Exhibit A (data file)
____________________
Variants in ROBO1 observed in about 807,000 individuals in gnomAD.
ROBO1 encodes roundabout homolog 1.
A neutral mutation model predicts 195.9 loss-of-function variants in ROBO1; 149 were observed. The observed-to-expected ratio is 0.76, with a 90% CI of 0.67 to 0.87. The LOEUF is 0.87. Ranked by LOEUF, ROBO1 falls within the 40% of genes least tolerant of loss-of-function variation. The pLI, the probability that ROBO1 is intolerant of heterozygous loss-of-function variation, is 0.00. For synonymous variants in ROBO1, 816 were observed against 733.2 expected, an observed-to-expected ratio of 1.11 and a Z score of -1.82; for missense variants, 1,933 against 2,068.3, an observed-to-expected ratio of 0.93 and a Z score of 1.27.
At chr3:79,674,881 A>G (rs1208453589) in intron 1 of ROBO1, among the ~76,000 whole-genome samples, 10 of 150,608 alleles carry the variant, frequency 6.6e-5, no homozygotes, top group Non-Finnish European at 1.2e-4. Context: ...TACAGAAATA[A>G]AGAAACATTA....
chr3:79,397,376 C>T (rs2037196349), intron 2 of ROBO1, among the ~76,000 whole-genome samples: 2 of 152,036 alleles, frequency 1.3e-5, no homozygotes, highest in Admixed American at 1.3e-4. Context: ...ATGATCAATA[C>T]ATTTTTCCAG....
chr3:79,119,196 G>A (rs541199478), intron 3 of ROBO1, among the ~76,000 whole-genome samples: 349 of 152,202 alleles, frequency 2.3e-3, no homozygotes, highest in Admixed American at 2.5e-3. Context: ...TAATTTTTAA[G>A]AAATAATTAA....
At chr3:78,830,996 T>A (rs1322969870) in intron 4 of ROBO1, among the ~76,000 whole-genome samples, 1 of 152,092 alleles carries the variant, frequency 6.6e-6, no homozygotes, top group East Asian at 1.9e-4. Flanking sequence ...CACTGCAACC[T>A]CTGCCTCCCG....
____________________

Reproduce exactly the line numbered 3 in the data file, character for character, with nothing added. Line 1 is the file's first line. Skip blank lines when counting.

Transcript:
A neutral mutation model predicts 195.9 loss-of-function variants in ROBO1; 149 were observed. The observed-to-expected ratio is 0.76, with a 90% CI of 0.67 to 0.87. The LOEUF is 0.87. Ranked by LOEUF, ROBO1 falls within the 40% of genes least tolerant of loss-of-function variation. The pLI, the probability that ROBO1 is intolerant of heterozygous loss-of-function variation, is 0.00. For synonymous variants in ROBO1, 816 were observed against 733.2 expected, an observed-to-expected ratio of 1.11 and a Z score of -1.82; for missense variants, 1,933 against 2,068.3, an observed-to-expected ratio of 0.93 and a Z score of 1.27.